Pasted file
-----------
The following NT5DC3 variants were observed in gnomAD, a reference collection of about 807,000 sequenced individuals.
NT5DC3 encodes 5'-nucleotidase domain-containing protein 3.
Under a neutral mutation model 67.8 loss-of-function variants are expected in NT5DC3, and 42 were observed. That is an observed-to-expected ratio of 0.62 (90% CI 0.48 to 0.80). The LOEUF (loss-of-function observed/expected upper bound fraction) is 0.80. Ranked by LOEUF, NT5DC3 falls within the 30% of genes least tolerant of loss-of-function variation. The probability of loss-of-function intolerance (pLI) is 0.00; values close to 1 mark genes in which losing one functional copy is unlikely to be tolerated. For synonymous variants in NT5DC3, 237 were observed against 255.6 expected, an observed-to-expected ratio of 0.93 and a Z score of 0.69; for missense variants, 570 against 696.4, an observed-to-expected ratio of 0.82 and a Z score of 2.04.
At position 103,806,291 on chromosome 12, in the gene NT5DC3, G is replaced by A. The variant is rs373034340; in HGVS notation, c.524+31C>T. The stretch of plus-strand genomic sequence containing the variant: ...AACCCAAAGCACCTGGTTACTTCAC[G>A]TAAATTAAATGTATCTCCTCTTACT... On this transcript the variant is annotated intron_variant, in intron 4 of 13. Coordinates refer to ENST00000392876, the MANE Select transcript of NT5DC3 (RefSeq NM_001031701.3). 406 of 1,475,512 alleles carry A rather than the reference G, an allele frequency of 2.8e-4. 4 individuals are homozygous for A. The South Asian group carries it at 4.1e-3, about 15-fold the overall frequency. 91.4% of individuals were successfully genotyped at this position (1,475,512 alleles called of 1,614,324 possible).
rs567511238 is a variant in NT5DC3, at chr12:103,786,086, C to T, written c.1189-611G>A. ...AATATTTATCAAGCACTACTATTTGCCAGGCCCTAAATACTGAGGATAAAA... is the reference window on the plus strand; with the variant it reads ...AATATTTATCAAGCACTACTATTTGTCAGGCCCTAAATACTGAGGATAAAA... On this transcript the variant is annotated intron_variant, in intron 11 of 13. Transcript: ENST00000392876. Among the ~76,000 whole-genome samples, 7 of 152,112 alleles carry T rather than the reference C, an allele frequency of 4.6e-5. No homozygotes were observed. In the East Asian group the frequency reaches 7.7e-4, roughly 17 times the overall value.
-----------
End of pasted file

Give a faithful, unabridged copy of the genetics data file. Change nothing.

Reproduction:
The following NT5DC3 variants were observed in gnomAD, a reference collection of about 807,000 sequenced individuals.
NT5DC3 encodes 5'-nucleotidase domain-containing protein 3.
Under a neutral mutation model 67.8 loss-of-function variants are expected in NT5DC3, and 42 were observed. That is an observed-to-expected ratio of 0.62 (90% CI 0.48 to 0.80). The LOEUF (loss-of-function observed/expected upper bound fraction) is 0.80. Ranked by LOEUF, NT5DC3 falls within the 30% of genes least tolerant of loss-of-function variation. The probability of loss-of-function intolerance (pLI) is 0.00; values close to 1 mark genes in which losing one functional copy is unlikely to be tolerated. For synonymous variants in NT5DC3, 237 were observed against 255.6 expected, an observed-to-expected ratio of 0.93 and a Z score of 0.69; for missense variants, 570 against 696.4, an observed-to-expected ratio of 0.82 and a Z score of 2.04.
At position 103,806,291 on chromosome 12, in the gene NT5DC3, G is replaced by A. The variant is rs373034340; in HGVS notation, c.524+31C>T. The stretch of plus-strand genomic sequence containing the variant: ...AACCCAAAGCACCTGGTTACTTCAC[G>A]TAAATTAAATGTATCTCCTCTTACT... On this transcript the variant is annotated intron_variant, in intron 4 of 13. Coordinates refer to ENST00000392876, the MANE Select transcript of NT5DC3 (RefSeq NM_001031701.3). 406 of 1,475,512 alleles carry A rather than the reference G, an allele frequency of 2.8e-4. 4 individuals are homozygous for A. The South Asian group carries it at 4.1e-3, about 15-fold the overall frequency. 91.4% of individuals were successfully genotyped at this position (1,475,512 alleles called of 1,614,324 possible).
rs567511238 is a variant in NT5DC3, at chr12:103,786,086, C to T, written c.1189-611G>A. ...AATATTTATCAAGCACTACTATTTGCCAGGCCCTAAATACTGAGGATAAAA... is the reference window on the plus strand; with the variant it reads ...AATATTTATCAAGCACTACTATTTGTCAGGCCCTAAATACTGAGGATAAAA... On this transcript the variant is annotated intron_variant, in intron 11 of 13. Transcript: ENST00000392876. Among the ~76,000 whole-genome samples, 7 of 152,112 alleles carry T rather than the reference C, an allele frequency of 4.6e-5. No homozygotes were observed. In the East Asian group the frequency reaches 7.7e-4, roughly 17 times the overall value.